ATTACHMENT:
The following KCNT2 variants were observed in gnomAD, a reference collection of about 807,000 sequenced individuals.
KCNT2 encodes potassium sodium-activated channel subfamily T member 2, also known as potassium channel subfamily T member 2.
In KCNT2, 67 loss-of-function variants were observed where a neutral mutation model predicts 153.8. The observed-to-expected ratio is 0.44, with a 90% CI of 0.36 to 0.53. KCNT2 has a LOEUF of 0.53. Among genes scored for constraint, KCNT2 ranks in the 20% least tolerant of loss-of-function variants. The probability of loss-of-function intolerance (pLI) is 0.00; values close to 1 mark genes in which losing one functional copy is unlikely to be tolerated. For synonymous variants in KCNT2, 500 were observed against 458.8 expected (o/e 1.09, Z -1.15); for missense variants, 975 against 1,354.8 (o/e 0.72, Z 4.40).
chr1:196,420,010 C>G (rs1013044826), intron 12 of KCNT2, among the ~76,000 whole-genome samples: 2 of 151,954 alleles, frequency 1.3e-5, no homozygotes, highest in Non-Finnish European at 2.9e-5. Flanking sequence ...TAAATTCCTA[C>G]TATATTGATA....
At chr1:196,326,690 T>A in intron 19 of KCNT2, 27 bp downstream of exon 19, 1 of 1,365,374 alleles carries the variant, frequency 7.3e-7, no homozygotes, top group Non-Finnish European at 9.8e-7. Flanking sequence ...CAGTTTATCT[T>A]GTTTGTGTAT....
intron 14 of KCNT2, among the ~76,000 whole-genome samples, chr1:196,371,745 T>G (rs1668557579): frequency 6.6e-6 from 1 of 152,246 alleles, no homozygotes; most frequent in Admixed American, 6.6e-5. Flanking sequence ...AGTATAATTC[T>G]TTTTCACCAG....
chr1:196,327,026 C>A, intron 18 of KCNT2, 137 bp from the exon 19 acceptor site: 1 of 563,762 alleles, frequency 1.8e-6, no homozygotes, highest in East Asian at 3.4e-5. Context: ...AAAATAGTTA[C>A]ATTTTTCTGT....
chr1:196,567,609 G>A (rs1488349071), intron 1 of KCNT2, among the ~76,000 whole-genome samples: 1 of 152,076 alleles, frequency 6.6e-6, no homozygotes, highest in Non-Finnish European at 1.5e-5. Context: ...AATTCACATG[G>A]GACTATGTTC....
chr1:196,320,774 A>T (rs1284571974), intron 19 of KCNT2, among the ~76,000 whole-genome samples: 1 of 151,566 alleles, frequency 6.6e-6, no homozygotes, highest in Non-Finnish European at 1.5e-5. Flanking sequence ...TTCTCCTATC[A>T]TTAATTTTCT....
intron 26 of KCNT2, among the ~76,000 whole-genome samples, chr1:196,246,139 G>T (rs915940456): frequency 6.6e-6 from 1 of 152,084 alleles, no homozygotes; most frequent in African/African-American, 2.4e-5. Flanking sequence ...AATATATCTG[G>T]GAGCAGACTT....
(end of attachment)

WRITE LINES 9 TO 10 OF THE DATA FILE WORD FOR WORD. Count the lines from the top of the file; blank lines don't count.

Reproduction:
chr1:196,320,774 A>T (rs1284571974), intron 19 of KCNT2, among the ~76,000 whole-genome samples: 1 of 151,566 alleles, frequency 6.6e-6, no homozygotes, highest in Non-Finnish European at 1.5e-5. Flanking sequence ...TTCTCCTATC[A>T]TTAATTTTCT....
intron 26 of KCNT2, among the ~76,000 whole-genome samples, chr1:196,246,139 G>T (rs915940456): frequency 6.6e-6 from 1 of 152,084 alleles, no homozygotes; most frequent in African/African-American, 2.4e-5. Flanking sequence ...AATATATCTG[G>T]GAGCAGACTT....